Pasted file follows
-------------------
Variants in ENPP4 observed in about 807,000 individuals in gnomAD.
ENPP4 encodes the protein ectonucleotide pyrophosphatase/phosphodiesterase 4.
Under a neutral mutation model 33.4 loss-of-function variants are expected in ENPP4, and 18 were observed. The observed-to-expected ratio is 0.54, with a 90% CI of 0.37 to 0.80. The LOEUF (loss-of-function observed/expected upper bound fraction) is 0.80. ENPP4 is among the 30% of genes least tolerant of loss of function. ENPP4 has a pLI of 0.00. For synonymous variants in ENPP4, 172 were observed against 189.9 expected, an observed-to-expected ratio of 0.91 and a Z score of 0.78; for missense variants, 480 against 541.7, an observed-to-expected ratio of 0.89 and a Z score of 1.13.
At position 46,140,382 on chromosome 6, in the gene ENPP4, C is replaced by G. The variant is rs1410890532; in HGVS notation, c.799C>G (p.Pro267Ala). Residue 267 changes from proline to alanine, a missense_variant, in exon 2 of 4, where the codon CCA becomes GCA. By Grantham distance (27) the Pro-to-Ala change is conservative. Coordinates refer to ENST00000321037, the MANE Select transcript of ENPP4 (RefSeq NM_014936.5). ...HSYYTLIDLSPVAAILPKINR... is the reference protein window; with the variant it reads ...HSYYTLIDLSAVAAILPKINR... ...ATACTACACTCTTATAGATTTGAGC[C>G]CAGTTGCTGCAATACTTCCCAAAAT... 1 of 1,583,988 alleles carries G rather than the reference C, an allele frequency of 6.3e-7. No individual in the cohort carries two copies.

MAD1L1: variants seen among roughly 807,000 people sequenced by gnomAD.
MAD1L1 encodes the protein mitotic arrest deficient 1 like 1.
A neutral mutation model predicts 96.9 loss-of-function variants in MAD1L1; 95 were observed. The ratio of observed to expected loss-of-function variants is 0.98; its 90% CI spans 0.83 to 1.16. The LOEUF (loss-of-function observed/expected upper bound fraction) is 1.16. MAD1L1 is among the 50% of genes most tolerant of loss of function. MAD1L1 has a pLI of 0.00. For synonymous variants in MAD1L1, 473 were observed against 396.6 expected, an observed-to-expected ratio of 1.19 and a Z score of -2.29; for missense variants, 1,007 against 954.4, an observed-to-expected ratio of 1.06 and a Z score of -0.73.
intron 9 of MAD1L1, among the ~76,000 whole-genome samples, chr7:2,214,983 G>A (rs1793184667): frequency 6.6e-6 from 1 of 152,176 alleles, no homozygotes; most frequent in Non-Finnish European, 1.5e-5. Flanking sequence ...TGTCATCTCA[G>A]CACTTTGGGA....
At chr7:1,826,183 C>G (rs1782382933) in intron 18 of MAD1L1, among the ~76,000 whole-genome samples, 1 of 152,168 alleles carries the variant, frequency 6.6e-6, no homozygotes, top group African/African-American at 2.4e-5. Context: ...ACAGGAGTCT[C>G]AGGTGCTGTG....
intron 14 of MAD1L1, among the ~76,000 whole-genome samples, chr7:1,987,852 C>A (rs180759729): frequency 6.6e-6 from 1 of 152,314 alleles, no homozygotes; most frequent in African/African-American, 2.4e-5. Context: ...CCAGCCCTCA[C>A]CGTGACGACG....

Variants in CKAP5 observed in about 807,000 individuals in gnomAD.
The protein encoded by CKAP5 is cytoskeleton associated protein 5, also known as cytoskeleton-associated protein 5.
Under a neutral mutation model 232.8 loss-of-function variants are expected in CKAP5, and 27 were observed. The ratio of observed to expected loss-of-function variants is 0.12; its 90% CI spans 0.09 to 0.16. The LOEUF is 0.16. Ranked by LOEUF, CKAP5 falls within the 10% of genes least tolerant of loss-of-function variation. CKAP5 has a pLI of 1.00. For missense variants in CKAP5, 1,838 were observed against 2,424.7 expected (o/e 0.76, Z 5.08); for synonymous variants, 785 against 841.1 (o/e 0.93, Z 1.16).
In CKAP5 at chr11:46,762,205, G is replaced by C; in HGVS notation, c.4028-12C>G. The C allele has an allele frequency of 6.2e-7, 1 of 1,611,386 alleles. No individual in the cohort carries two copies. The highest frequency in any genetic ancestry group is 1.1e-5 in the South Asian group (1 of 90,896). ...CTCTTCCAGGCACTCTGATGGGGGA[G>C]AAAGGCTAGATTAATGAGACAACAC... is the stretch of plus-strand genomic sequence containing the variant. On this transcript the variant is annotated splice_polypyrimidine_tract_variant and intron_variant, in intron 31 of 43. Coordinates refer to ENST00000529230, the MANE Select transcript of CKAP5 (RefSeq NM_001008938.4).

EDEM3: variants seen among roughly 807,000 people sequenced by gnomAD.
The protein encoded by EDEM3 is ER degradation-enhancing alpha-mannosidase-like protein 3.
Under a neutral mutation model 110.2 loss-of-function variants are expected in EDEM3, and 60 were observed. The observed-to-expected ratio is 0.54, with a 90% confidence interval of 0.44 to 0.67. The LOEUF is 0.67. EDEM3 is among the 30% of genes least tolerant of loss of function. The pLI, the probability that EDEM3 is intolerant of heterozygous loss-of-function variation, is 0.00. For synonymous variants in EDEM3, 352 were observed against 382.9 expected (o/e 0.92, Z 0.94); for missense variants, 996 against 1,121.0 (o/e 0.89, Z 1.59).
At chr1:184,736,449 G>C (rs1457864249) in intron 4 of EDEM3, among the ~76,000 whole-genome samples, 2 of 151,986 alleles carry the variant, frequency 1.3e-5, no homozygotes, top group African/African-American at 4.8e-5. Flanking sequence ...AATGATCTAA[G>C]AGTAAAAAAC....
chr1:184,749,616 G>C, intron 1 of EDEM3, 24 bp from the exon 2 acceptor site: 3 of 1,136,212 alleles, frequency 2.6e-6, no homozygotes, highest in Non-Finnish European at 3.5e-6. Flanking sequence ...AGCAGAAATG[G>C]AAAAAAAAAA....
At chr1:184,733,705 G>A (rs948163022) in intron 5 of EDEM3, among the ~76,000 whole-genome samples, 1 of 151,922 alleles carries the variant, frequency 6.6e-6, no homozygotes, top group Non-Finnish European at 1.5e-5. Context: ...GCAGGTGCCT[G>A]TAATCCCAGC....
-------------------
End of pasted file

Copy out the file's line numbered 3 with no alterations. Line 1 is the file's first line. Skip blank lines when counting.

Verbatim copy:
Under a neutral mutation model 33.4 loss-of-function variants are expected in ENPP4, and 18 were observed. The observed-to-expected ratio is 0.54, with a 90% CI of 0.37 to 0.80. The LOEUF (loss-of-function observed/expected upper bound fraction) is 0.80. ENPP4 is among the 30% of genes least tolerant of loss of function. ENPP4 has a pLI of 0.00. For synonymous variants in ENPP4, 172 were observed against 189.9 expected, an observed-to-expected ratio of 0.91 and a Z score of 0.78; for missense variants, 480 against 541.7, an observed-to-expected ratio of 0.89 and a Z score of 1.13.